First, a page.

Snow brush / scraper is essential IMO. If it doesn’t come with one, just drop into a supermarket and pick one up. They are generally very cheap. Or even convenience stores should stock some cheapo brand. Generally the snow is so dry and light in Japan, that you can just start the car with the fan shooting up onto your windshield, and by the time you dust off the snow around your windows you’ll be right to go. Unless it’s a doozy of an overnight dump .
Oh also, your windshield fluid should be anti freeze. Though, I found that I was wasting a lot of it because I had fan on cool which then froze the snow/ice onto the windshield during heavy snow storms. Remember to keep the heat going to make sure it doesn’t freeze. If you have troubles, head to a petrol station and the attendants will be more than happy to de-ice your wind shield and top your fluids up.
Most mornings, you'll find your vehicle something like this...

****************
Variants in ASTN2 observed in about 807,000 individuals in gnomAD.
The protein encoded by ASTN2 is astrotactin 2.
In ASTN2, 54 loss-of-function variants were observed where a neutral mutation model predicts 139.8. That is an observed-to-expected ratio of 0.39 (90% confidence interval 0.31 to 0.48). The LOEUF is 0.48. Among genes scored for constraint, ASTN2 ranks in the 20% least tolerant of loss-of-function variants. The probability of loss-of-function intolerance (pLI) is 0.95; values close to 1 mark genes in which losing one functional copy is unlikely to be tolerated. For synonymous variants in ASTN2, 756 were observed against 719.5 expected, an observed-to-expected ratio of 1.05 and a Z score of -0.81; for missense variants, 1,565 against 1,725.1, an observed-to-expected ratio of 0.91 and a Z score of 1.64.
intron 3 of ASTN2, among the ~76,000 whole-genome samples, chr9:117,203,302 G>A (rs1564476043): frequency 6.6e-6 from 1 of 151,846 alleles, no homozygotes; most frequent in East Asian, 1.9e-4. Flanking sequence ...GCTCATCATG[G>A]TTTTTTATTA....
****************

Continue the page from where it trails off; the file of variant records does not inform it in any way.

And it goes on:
Clear the driver's door first, the exhaust 2nd, and start the car. Put the windscreen demister fan on high, then clear the rest of the car. Always flip the windscreen wipers up when parking the car for the night, and make sure that the wipers are OFF before starting the car. If the car has been warm the previous night, and it snows, the first snow will melt and water will run down onto the wipers, and sometimes freeze them in place. When clearing ice off the wiper blades, do it gently, as you don't want to rip the wiper blades out!!!!
One tip.... After clearing the snow from the windscreen, if you are moving a reasonable speed, the snow will dry enough not to accumulate on the windscreen.... it will blow right over the top. HOWEVER, if not moving as fast and if you have the fan on strong heat on the windscreen, it will warm the windscreen and snow can melt on and then freeze on the wiper blades. So back off the heat, or direct it at your feet, not at the windscreen.